The European Commission will stand firm on its climate objectives while aiming to ensure that companies and citizens continue to support the transition to net-zero emissions, pledged the new head of the bloc’s landmark green deal.
(Bloomberg) — The European Commission will stand firm on its climate objectives while aiming to ensure that companies and citizens continue to support the transition to net-zero emissions, pledged the new head of the bloc’s landmark green deal.
“We are not going to dilute our ambition because it would be like shooting ourselves in the foot,” Maros Sefcovic, commission executive vice president, told a group of reporters. “No one should be left behind.”
Sefcovic took over the responsibilities of Frans Timmermans, who resigned last week to lead the Dutch left alliance in elections in November. Timmermans’s final months in the post were marred by a fierce backlash from center-right groups over the pace of the transition and measures to help restore nature in the region.
Read more: ‘Culture Wars’ Are Risking Paralysis of Europe’s Green Deal
Sefcovic will now head up the bloc’s efforts to implement the Green Deal — a package of measures designed to put the EU on course for net zero by the middle of the century.
Commission President Ursula von der Leyen proposed Wopke Hoekstra as the new Dutch commissioner to the European Council and Parliament. If confirmed, Hoekstra, currently Dutch foreign minister, would be in charge of climate action under the guidance of Sefcovic, von der Leyen said in a statement after interviewing Hoekstra on Tuesday.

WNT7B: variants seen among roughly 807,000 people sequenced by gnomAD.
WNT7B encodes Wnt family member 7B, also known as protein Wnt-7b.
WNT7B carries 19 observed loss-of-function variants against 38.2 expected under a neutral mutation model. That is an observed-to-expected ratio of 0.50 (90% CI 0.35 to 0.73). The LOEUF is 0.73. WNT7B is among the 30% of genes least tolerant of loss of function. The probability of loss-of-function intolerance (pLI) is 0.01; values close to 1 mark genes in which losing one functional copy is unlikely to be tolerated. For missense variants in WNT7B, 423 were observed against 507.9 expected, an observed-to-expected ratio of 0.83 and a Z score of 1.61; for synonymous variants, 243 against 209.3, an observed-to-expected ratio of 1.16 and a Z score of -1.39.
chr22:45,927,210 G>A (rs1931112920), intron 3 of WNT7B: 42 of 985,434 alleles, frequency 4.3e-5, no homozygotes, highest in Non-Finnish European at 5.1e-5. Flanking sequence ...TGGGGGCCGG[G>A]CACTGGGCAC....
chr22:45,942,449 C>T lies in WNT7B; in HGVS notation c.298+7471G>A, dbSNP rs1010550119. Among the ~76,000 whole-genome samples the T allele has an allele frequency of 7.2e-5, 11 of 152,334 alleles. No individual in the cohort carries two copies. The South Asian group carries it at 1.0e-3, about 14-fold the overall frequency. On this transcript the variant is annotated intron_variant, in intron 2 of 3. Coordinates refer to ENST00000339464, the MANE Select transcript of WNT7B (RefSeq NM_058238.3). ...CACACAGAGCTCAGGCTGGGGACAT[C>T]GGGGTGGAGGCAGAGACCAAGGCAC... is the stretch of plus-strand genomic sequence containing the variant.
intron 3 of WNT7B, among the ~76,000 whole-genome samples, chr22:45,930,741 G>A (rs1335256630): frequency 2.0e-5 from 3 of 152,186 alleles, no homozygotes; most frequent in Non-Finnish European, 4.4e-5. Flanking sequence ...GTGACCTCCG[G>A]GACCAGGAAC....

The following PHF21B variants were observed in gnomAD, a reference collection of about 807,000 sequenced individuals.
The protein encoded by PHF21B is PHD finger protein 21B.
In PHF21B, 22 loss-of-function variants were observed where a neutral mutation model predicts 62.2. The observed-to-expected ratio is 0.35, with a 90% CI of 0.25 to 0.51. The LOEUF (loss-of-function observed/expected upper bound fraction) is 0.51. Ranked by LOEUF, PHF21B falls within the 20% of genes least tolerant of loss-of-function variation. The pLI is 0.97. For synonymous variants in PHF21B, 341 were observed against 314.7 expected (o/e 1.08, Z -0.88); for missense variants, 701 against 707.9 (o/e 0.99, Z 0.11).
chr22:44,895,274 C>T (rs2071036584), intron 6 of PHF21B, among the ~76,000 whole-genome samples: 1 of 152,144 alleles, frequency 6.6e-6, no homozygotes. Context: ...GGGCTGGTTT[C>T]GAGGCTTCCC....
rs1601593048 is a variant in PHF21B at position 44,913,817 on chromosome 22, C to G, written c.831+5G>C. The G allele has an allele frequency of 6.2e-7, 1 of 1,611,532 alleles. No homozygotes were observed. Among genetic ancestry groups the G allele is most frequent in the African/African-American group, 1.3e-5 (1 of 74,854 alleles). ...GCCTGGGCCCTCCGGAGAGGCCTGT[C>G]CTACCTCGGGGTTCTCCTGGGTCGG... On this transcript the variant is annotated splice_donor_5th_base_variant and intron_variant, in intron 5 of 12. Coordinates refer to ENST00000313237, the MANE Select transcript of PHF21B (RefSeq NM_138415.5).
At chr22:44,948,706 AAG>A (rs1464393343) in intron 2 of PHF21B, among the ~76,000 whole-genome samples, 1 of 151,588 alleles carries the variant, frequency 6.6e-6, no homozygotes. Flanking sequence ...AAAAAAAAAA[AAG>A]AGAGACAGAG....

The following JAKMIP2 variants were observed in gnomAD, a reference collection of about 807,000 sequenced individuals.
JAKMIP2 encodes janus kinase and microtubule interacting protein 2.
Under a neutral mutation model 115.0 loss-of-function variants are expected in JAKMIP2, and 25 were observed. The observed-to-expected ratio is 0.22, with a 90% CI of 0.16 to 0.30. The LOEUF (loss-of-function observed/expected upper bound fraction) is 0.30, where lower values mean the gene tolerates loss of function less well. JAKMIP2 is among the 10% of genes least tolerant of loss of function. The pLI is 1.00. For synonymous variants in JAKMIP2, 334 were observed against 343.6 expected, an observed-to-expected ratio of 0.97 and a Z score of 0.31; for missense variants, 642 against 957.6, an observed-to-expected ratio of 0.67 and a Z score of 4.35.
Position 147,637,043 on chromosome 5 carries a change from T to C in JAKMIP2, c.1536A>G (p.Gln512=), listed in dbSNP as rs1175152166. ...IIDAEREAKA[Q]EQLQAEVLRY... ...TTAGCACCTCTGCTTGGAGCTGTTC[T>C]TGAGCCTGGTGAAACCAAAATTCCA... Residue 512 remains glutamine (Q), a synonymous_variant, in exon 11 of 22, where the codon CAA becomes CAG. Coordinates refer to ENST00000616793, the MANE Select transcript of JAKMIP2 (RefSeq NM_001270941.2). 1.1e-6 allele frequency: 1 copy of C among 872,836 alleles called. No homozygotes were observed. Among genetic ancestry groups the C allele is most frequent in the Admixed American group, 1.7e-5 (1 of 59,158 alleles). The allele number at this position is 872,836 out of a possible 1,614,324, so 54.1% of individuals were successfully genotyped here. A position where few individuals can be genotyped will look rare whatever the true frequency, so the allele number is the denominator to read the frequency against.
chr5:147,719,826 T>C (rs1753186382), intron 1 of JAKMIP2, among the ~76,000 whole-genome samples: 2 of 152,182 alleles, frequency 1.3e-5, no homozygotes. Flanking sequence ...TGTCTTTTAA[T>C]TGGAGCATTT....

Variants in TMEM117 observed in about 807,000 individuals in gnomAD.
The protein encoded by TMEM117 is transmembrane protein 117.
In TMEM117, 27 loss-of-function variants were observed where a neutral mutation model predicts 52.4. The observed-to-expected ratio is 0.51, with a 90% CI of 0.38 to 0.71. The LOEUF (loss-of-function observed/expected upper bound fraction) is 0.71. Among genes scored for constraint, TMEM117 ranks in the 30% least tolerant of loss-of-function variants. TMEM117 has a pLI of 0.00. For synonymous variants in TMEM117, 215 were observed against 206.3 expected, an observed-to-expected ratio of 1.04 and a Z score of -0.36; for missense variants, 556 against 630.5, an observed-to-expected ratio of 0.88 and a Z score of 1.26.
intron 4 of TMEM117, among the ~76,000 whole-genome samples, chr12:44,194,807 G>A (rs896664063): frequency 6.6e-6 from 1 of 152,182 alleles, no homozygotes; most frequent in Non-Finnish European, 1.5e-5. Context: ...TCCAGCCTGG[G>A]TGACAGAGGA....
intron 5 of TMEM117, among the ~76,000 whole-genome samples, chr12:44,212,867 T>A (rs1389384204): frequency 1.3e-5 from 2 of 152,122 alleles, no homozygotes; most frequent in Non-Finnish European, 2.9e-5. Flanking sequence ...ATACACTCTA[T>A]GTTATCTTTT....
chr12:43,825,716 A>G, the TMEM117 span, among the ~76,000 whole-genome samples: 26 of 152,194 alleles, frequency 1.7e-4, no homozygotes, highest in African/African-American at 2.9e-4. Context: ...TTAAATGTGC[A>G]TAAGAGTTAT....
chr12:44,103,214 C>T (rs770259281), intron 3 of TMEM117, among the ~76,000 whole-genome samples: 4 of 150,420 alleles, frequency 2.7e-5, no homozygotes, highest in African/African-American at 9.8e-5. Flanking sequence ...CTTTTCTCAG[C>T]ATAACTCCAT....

Hoekstra will also represent the bloc at the United Nations’ COP28 climate negotiations later this year, assuming he’s been formally installed as a commissioner before the November summit, Sefcovic said.
The bulk of the EU’s legislation to cut emissions by 55% this decade have been agreed, but the commission is due to present early next year its climate roadmap for the next decade. Scientists have said that the commission should reduce greenhouse gases by as much as 95% by 2040. Sefcovic acknowledged that some sectors had “natural worries” over the net-zero agenda.
“We need to communicate better,” he said.
–With assistance from Ewa Krukowska.
(Updates with details on Hoekstra’s nomination in 5th graph.)
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